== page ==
Point Break Ericson Core

Point Break Ericson Core
5
It's hard to imagine someone watching future Academy Award-winner Kathryn Bigelow's surf-heavy, action crime thriller Point Break and wanting to recreate it with a lot less action scenes and a lot more action sports, but that's exactly what Invincible director Ericson Core and Total Recall screenwriter Kurt Wimmer have done with this 2015 remake.
 
While the Keanu Reeves and Patrick Swayze starring-original was a testosterone-fuelled action flick that also acted as a cinematic critique of everything that was wrong with American culture — and particularly the West coast version of it set at the start of the '90s (i.e. alpha males, a false sense of freedom in capitalist society and Anthony Kiedis) — this Point Break strips all of that away in favour of a plot filled with simple exposition, Brain Farm-lite cinematography and an overall lack of the best parts of its predecessor.
 
Filling in for Reeves and his rough-around-the-edges take on Johnny Utah is Australian actor Luke Bracey. As in the original, Utah is an up-and-coming FBI recruit with an athletic past (this time he's a freestyle and competitive motocross athlete, as opposed to a college quarterback) who joins the force after his adrenaline junkie ways costs a friend his life.
 
When word gets out that an unknown gang of criminals (who, much to the chagrin of hardcore fans of the original film, only wear masks of ex-presidents in one initial scene) are robbing a number of financial institutions around the world and donating funds to the less-fortunate, Utah puts two and two together and shares a hunch with his higher-ups: they're a bunch of poly-athletes attempting to honour their leader's (Édgar Ramírez) former teacher by testing the forces of nature through a set of trials named after him called The Ozaki 8. Considering his history of death-defying feats, Utah (reluctantly) is the man chosen to bring them down.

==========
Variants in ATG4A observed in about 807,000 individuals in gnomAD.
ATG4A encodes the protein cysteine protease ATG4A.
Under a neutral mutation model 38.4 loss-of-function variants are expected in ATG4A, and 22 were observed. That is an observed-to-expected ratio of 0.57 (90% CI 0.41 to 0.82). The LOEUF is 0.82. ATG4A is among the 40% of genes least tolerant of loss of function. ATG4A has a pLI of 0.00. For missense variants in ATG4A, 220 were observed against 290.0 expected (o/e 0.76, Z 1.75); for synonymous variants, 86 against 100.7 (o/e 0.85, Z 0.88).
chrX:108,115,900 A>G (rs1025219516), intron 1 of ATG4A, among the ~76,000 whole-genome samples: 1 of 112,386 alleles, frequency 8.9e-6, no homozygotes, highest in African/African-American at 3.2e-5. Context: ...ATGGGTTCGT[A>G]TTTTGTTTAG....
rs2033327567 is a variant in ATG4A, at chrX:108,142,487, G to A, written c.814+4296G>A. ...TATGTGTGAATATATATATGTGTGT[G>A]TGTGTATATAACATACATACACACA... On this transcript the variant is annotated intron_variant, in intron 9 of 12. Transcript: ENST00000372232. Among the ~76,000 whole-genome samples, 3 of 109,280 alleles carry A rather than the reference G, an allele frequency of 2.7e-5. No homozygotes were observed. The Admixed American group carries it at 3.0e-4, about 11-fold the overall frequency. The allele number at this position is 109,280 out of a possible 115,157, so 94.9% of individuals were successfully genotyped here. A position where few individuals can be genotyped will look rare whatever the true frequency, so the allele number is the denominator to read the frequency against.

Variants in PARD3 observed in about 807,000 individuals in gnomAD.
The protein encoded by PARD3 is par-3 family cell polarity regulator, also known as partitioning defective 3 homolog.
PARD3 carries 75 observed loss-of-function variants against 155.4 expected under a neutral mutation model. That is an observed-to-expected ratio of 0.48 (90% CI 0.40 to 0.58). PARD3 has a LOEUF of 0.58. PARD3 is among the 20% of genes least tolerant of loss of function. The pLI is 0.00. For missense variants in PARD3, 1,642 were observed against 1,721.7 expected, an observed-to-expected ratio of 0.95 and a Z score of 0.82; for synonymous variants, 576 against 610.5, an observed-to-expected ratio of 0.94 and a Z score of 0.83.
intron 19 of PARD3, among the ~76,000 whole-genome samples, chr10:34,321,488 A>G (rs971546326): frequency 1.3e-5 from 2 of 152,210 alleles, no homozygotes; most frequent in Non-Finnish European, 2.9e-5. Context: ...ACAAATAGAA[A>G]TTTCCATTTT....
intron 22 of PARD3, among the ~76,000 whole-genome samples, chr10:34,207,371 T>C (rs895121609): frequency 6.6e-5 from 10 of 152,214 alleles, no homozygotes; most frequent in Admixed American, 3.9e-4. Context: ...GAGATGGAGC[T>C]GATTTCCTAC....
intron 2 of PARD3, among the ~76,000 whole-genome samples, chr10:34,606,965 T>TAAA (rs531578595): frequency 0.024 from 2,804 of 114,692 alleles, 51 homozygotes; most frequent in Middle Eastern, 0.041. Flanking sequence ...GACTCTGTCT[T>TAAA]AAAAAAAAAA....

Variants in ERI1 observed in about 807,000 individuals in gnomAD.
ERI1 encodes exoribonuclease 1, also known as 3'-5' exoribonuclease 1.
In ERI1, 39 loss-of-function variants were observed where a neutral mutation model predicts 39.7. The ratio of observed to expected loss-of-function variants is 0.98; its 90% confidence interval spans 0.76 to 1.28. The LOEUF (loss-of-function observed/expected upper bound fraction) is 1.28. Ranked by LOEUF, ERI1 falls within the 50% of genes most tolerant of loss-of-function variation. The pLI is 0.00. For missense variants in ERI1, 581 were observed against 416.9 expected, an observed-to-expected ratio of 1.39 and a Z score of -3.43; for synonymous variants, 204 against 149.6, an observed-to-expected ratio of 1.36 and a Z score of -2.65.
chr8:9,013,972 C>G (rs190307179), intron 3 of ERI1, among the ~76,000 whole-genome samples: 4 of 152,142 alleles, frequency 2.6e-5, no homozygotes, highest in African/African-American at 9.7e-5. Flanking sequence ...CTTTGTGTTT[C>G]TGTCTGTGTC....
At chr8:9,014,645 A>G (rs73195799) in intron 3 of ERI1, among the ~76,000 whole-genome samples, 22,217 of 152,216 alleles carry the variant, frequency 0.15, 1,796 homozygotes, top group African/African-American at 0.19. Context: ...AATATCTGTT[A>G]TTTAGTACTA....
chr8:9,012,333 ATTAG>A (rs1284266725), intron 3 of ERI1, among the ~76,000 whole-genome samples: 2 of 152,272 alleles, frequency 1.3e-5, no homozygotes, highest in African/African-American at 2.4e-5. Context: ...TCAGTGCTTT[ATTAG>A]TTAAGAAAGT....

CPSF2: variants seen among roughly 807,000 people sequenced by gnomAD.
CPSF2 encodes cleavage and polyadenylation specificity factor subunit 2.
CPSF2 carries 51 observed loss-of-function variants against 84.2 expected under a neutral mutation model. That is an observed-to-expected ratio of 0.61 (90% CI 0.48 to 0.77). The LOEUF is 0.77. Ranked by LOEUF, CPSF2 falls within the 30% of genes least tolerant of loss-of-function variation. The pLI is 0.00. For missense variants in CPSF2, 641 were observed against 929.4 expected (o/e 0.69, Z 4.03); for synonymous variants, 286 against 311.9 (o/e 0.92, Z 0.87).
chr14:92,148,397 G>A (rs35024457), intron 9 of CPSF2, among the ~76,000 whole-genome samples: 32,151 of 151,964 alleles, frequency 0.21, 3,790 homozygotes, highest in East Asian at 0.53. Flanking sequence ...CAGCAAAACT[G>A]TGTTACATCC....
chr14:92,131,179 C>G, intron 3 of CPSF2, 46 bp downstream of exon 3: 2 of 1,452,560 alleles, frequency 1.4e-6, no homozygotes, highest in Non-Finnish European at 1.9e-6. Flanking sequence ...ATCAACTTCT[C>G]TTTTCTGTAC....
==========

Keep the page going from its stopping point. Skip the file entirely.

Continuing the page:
But, save for two memorable scenes, this Point Break has little in common with the former version, and ultimately comes across as a watered down answer to the far superior, more potent original.
 
This is a movie fuelled by Monster Energy drinks and informed by a few too many hours spent watching ESPN2, with most of the minimalist narrative unfolding between radical escapades (snowboarding, surfing, rock climbing and wingsuit flying) and celebrity cameos from some of the world's top extreme athletes, seemingly in an attempt to solidify its position in alternative culture and somehow make the movie more legit (Who knows why Eric Koston and Bob Burnquist are in a movie with practically no skateboarding?).
 
Visually, the film has a lot going for it, at least at first, employing a super glossy, HDR-like sheen for its numerous, impressive action scenes. But after a while it seems like you're watching a TV whose contrast is set a little too far to the left, and its green-y, grey hue starts to feel like you're watching the movie through a bottle of SoBe Mr. Green.
 
Ultimately, Core and Wimmer have created a film that somehow left the charm of its source material on the cutting room floor (including FBI Agent Angelo Pappas, first played by Gary Busey, who injected ample amounts of comedy into some of the original movie's so-serious-they're-silly scenes) and ends up overcomplicating the proceedings by giving the film's villains a more broader purpose than simple financial gain and giving the finger to Western society (if the original story wasn't far-fetched enough already, watching a bunch of dudes act like they're trying to qualify in every category of the Gravity Games is just ridiculous).
 
Point Break is a strange beast that attempts to connect with both a younger audience and those who fondly remember seeing the original story unfold the first time around, but somehow ends up missing both marks. Expect it on Spike TV in the near future.


  (Warner Bros.)